Previously, on this walking tour of Cardiff, I left you by the Angel Hotel on Castle Street in the City Centre. Walk in an easterly direction along Castle Street, until you get to the turn into Womanby Street/Stryd Womanby, between the Nisa Local and Dempseys (Castle Street and Castle Arcade are in the next instalment). We are in Cardiff’s Castle Quarter.
Turn right down Womanby Street. This is one of Cardiff’s
oldest streets, which used to link the castle with the city’s main quay. The
street dates back to at least the 1300s and its name probably had Norse origins
(e.g., Hundemanby Street). Inns along here, such as The Horse and Groom, were
notorious for the press-ganging of sailors.
The recent restoration and large new paving stones have compromised
some of its historical character (and grime; though I guess there are fewer
twisted ankles of a Saturday night), but Womanby Street retains enough period
detail for it to be a popular film location (e.g., Doctor Who: The Empty Child
and other episodes).
On your right, just past Nisa Local:
Cardiff Fashion Quarter
Womanby Street CF10 1BR
Opened in October 2012, CFQ is an emporium of independent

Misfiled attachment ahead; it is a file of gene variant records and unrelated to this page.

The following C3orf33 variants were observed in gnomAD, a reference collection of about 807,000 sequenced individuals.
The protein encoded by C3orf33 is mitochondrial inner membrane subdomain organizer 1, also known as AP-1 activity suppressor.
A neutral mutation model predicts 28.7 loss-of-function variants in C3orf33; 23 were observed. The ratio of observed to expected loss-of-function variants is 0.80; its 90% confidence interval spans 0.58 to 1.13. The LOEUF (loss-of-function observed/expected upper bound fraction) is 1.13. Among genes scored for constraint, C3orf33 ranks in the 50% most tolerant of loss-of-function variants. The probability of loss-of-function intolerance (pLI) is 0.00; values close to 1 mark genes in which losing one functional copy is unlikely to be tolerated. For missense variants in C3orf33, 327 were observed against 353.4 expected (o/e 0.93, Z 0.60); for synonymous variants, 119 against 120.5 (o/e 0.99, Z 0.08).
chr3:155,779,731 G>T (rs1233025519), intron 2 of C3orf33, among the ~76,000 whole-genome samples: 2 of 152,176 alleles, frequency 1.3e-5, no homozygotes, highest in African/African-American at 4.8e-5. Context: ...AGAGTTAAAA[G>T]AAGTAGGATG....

businesses (e.g., vintage clothing, crafts, antiques, flea market ware, vinyl) located in a former cinema. There’s impressive
street art outside; the striking woman’s face was painted by Diego Zelaya. A
stroll down Womanby Street these days may involve negotiating the fashion
5 Womanby Street CF10 1BR
A rock music club opened in 2012.
The Full Moon
Womanby Street CF10 1BR (2037 3022)
Bar and music venue that opened in 2011. Upstairs it’s
called The Moon Club. Unlike its immediate predecessor (Y Fuwch Goch), it does
not serve food. This was the site of the
former Red Cow Inn, a pub dating from the old quayside days to the early 1900s.
Opposite, after Dempseys:
clwb ifor bach
11 Womanby Street CF10 1BR (2023 2199)
Opened in 1983, Clwb Ifor Bach is also referred to as The Welsh
Club because of its promotion of the Welsh-language and Welsh music. This is
one of the Cardiff’s most famous music venues. Seminal Welsh music acts such as
Super Furry Animals and Catatonia have played here. Among the acts I have seen
here in the past couple of years have been Meic Stevens,
Colorama, Charlotte Church, Jonathan Powell, Jodi Marie, and British Sea Power.
In fact, I saw BSP again last week at The Coal Exchange: what a great band (but,